Is the glass half empty or half full?
This question has been used in studies to identify people as either optimists or pessimists.
For the rest of us, it’s a reminder that our perception of the world depends on how we look at things.
As for me, I’m an optimist. The glass is always half full.
Even if I don’t see it at the time, I believe things are for the better. It may be years later, but eventually I’ll look back and see why it was better.
I must admit though, during this global Coronavirus pandemic it’s difficult to recognize the positive.
Our movements are restricted.
Jobs are lost.
Businesses are closing.
People are ill … and some are dying.
One way or another, we’re all affected. And it’s easy to see how our anxiety level may be high.
Whether we’re an optimist or a pessimist, Jesus tells us we need not worry, our Father will provide.
“Therefore I tell you, do not worry about your life, what you will eat [or drink], or about your body, what you will wear. Is not life more than food and the body more than clothing? Look at the birds in the sky; they do not sow or reap, they gather nothing into barns, yet your heavenly Father feeds them. Are not you more important than they? Can any of you by worrying add a single moment to your life-span? Why are you anxious about clothes? Learn from the way the wild flowers grow. They do not work or spin. But I tell you that not even Solomon in all his splendor was clothed like one of them. If God so clothes the grass of the field, which grows today and is thrown into the oven tomorrow, will he not much more provide for you, O you of little faith? So do not worry and say, ‘What are we to eat?’ or ‘What are we to drink?’ or ‘What are we to wear?’ All these things the pagans seek. Your heavenly Father knows that you need them all. But seek first the kingdom [of God] and his righteousness, and all these things will be given you besides. Do not worry about tomorrow; tomorrow will take care of itself. Sufficient for a day is its own evil.” (Matthew 6:25-34)
This week’s issue of Genuflect will help all of us trust in God’s ability to provide for us. We look at how He will provide, the key to His providing, doubting God’s abundance, and prayers, resources, and finding help in this time of need.
Don’t forget this Sunday is Mother’s Day. Join me in raising a half full glass to toast all our special Mothers on Earth and in heaven. I’m thankful for them and you!
Stay safe … you’re all in my prayers.
Founding Editor, Genuflect
What God Provides
“God will provide” is a popular saying, especially when it comes to finances. But it doesn’t remove our responsibility. Here’s what the phrase doesn’t mean, what it does mean, and most importantly, how to apply it in your life.
What “God Will Provide” Really Means | Consumer Catholic
The Key to God Providing
In his Sermon on the Mount, Jesus tells us to not be anxious about our material needs. Gary Zimak makes the case that our Father knows exactly what we need and will always provide for us … if we do this one thing.
God Will Provide For Your Needs – True or False? | Be Not Afraid
Doubting God’s Abundance
We see scarcity all around us in the world and sometimes we let that scarcity seep into our spiritual life. We project the scarcity onto the Lord and no longer recognize His ability to provide for us. Here are 2 ways to combat this tendency … and ensure you trust the Lord will provide.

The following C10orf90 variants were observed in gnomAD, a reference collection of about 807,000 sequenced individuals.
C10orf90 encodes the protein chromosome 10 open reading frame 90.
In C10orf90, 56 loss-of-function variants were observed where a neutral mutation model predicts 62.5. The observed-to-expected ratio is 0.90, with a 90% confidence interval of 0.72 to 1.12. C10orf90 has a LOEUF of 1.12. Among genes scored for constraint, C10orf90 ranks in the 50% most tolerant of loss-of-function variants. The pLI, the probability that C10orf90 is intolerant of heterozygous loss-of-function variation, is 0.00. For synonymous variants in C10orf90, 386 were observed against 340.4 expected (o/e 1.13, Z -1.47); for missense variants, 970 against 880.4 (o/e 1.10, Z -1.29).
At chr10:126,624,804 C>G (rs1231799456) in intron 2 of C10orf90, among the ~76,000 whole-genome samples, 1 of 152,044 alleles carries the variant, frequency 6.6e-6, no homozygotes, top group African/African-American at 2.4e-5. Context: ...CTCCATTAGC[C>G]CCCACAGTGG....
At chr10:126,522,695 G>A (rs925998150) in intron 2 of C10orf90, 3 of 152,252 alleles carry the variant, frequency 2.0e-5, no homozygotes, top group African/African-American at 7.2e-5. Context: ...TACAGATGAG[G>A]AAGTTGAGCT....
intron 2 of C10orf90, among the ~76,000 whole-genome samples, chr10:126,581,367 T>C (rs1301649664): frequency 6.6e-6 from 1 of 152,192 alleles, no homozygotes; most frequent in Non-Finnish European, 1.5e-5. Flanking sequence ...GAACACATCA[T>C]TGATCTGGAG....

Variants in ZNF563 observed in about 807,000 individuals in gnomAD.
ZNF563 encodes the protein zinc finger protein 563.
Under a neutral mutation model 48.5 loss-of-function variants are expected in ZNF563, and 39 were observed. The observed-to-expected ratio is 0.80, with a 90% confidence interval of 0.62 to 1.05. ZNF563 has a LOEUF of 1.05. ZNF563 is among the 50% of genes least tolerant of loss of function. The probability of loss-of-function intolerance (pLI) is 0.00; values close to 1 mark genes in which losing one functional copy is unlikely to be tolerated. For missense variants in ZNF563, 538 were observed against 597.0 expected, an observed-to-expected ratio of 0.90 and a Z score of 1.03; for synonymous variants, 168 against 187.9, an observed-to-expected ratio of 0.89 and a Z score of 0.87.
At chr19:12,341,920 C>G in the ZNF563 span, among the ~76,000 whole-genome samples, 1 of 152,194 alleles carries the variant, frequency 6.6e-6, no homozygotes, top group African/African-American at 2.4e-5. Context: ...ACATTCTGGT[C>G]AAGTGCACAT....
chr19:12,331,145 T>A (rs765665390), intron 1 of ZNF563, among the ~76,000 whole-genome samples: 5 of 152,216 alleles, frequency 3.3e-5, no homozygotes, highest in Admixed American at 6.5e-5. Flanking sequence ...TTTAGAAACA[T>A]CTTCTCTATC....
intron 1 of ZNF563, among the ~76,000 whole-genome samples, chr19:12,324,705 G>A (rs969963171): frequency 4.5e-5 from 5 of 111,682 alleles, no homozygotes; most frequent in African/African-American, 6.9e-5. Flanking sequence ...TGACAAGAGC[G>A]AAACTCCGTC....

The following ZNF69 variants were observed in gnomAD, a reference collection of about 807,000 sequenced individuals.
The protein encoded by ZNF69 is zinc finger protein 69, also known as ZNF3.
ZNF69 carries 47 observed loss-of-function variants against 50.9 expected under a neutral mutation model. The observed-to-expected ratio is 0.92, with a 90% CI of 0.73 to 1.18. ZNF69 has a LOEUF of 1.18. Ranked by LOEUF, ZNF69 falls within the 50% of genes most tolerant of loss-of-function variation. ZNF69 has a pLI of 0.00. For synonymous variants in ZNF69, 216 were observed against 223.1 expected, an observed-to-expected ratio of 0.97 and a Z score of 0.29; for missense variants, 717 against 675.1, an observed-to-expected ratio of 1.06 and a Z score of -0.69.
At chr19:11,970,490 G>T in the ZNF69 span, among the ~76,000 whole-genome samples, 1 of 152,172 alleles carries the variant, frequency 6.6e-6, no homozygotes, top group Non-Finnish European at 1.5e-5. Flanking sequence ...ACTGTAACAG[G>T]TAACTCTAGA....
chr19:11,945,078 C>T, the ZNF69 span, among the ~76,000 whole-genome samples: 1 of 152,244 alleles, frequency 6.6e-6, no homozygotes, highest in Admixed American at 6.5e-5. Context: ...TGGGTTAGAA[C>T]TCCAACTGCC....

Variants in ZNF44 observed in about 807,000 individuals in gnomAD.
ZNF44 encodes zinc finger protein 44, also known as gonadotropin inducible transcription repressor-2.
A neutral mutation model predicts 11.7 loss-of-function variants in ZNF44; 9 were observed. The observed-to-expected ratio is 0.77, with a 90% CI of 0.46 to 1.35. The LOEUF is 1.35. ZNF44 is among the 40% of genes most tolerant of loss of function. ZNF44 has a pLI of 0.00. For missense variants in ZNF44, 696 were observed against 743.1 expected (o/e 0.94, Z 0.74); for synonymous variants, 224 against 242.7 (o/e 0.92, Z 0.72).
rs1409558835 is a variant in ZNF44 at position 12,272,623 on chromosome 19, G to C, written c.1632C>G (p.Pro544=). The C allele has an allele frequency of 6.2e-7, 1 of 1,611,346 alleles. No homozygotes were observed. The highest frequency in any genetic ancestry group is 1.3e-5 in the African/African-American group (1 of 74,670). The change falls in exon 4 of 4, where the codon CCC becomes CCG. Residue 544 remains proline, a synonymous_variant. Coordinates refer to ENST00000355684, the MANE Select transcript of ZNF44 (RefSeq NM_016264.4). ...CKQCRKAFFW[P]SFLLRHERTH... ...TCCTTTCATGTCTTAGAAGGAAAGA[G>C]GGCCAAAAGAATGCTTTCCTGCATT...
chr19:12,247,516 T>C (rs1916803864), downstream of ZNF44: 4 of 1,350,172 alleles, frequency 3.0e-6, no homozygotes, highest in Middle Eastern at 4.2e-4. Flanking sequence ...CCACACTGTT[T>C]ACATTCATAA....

When You Doubt God’s Abundance | Blessed is She
What Matters Most
According to Pope Francis, the Coronavirus pandemic is a call from the Lord for us to refocus on what is most important in our life. It’s an opportunity to get back on track with regard to us, the Lord, and others. Here’s what he means.
COVID-19 is Not God’s Judgment, But a Call to Live Differently, Pope Says | National Catholic Reporter
The Coronavirus pandemic is wreaking havoc on the nation’s economy … as well as on our personal financial security. In the Bible Jesus tells us that if we approach these times in a certain way He will give us plenty. Here’s how.
We’re Made For This
The Catholic Church was born from troubling times, has endured many struggles, and has still remained a beacon of hope. Here are 4 reasons we Catholics will survive the Coronavirus pandemic too.
Catholics Have The Answers to The COVID-19 Pandemic | Catholic Digest
Turn to Prayer
Jesus didn’t promise our path to salvation would never be treacherous. We trust the Lord will hear our prayers during troubling times and provide us with the graces we need.
Prayers For Troubled Times | Our Catholic Prayers
The United States Conference of Catholic Bishops has compiled this page of Coronavirus resources. They range from Masses, prayers, catechetical materials, and reflections to help us strengthen our faith, even in these troubling times.
Ask God For Help
Sometimes we judge ourselves much more harshly than others do. We’re so focused on our faults that we lose sight of the good in us. And we struggle with asking the Lord for help because we don’t feel worthy. Father Mike Schmitz explains why we should always trust Jesus and ask for His help.
How do You Ask God For Help? | Bulldog Catholic
If you are in need of assistance during the Coronavirus pandemic, check with your local chapter of Catholic Charities. Many are able to provide financial assistance. Start here at the national site to locate the chapter in your area.
Find Help | Catholic Charities USA
Click below to download this week’s free inspirational wallpaper for your desktop and your phone. Or download one of the previous wallpapers
Please use these buttons to share this issue of Genuflect with your friends, family, and followers who may be interested. Thank you!